Dark Victory (1939)

March 20, 2009

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I cried.  I cried myself to sleep after I saw this.

That means it works and it also means that I’m not going to say too much about it.  Bette Davis, full of life and vigour as the doomed Judith Traherne, is exceptional in this.  Now I love Bette at the best of times, so a film designed to showcase her talent to the full is always going to appeal to me.  So what if the elements around her aren’t quite right?  Bette shines in Dark Victory, she positively radiates.

George Brent as Dr Steele lacks charisma and there isn’t much chemistry between him and Bette, in terms of on-screen partnerships the key scene between Bette and Bogey is a comparative sizzler.  Brent actually clicks pretty well with Geraldine Fitzgerald (as Ann, Judith’s closest friend) and it all just seems a bit of a shuffled pack.  Not that I could see Brent playing the Bogart role , nor Fitzgerald replacing Davis at all!  Bogey plays the trainer of Traherne’s horses, a sometimes Irish man called Michael O’Leary- I say sometimes because he occasionally has an Irish accent but usually doesn’t- and his job is to look a bit rough and to take no shit.  He does the role okay but has still not quite grown from actor to star yet.  Bogart’s big scene with Davis is great but aside from that he, like everyone else on screen, is little better than wallpaper.  On the bright-side, this comparative invisibility amongst the support players meant that I didn’t get to notice and be infuriated by Ronald the Ray Gun.  A mercy.  7/10.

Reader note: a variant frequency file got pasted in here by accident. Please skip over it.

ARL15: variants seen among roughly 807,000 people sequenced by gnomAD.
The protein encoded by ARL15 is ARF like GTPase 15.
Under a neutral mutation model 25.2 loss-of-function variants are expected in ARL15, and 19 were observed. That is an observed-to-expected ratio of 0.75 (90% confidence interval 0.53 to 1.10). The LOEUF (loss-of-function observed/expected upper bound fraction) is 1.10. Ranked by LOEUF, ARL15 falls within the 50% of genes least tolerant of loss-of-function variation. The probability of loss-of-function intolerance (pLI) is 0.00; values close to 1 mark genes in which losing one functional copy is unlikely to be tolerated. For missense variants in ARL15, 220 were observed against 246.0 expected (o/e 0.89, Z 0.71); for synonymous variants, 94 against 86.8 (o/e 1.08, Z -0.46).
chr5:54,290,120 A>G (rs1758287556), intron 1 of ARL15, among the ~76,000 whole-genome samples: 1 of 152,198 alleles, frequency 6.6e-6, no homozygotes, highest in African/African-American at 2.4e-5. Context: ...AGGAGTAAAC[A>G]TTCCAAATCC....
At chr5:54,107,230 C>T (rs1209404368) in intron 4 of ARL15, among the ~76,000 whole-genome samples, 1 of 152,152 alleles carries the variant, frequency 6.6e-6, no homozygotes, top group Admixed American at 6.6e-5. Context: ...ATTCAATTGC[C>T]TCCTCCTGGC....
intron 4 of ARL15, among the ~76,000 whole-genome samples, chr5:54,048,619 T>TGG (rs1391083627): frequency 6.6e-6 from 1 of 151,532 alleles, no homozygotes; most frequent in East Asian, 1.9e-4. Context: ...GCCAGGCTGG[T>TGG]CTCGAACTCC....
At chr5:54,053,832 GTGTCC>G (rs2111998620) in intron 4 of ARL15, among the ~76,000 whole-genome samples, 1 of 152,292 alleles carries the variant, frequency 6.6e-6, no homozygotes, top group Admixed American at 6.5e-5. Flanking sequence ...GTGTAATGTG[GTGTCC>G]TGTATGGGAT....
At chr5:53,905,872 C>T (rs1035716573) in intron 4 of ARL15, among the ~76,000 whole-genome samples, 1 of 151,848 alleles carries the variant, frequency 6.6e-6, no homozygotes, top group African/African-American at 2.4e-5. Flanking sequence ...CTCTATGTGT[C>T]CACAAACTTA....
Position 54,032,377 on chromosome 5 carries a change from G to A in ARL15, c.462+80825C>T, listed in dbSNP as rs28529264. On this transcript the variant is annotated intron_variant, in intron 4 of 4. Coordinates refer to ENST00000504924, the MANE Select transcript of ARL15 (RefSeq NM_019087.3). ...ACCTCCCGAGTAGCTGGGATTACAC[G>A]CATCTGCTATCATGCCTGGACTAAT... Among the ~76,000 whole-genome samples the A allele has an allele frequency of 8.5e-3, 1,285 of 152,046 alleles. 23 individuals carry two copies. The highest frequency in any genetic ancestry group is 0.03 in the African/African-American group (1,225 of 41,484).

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Angels With Dirty Faces (1938)

December 25, 2008

One of the saddest legacies of my heavy-drinking days is that I’ve half-seen or half-remember so many films.  This is one of them.  Watching it today I honestly couldn’t tell if I’d seen it before in a stupor, or seen various parts of the film at various times.  Or if it is just so quotable and influential that it is one of those films which is diminished because you’ve seen so much of it before, done in inferior ways by inferior film-makers.

The plotline is interesting but pretty generic (here’s one of the ways that it could’ve been diminished, for all I know its ambiguous ending may have been a complete revelation in 1938), Michael Curtiz’s direction is zippy but dated and the script is quotable but self-consciously so.

The big thing this film has going for it is the performances of its main players.  James Cagney is in it.  See?  And he plays James Cagney better than he’s ever played him before.  Understand?  It’s a great performance, iconic and memorable.  Pat O’Brien plays the tough part of the young hood-turned-priest convincingly.  And Humphrey Bogart plays it deft and understated in the part of the slippery lawyer Frazier.

I liked a lot about watching this film- the basketball game is tremendous fun and the ending is very clever- but, for me anyway, it is less than the sum of its parts and I give it a 7/10.